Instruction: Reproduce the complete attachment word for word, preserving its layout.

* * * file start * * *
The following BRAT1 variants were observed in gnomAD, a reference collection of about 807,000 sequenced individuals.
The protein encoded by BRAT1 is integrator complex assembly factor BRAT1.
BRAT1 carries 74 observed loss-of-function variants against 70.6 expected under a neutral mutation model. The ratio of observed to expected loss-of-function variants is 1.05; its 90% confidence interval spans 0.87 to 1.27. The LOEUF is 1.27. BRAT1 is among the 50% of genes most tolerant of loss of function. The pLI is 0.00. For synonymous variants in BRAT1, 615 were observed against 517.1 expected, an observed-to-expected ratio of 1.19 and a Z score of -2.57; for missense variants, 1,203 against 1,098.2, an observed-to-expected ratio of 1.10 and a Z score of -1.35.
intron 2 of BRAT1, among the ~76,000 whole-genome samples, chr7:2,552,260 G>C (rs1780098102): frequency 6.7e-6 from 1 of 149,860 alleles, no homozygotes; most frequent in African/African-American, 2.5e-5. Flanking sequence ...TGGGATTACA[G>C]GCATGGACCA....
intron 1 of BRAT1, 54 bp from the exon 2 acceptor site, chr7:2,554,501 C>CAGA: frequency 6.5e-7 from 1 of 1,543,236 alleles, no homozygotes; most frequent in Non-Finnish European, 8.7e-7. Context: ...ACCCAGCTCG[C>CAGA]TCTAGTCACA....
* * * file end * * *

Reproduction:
The following BRAT1 variants were observed in gnomAD, a reference collection of about 807,000 sequenced individuals.
The protein encoded by BRAT1 is integrator complex assembly factor BRAT1.
BRAT1 carries 74 observed loss-of-function variants against 70.6 expected under a neutral mutation model. The ratio of observed to expected loss-of-function variants is 1.05; its 90% confidence interval spans 0.87 to 1.27. The LOEUF is 1.27. BRAT1 is among the 50% of genes most tolerant of loss of function. The pLI is 0.00. For synonymous variants in BRAT1, 615 were observed against 517.1 expected, an observed-to-expected ratio of 1.19 and a Z score of -2.57; for missense variants, 1,203 against 1,098.2, an observed-to-expected ratio of 1.10 and a Z score of -1.35.
intron 2 of BRAT1, among the ~76,000 whole-genome samples, chr7:2,552,260 G>C (rs1780098102): frequency 6.7e-6 from 1 of 149,860 alleles, no homozygotes; most frequent in African/African-American, 2.5e-5. Flanking sequence ...TGGGATTACA[G>C]GCATGGACCA....
intron 1 of BRAT1, 54 bp from the exon 2 acceptor site, chr7:2,554,501 C>CAGA: frequency 6.5e-7 from 1 of 1,543,236 alleles, no homozygotes; most frequent in Non-Finnish European, 8.7e-7. Context: ...ACCCAGCTCG[C>CAGA]TCTAGTCACA....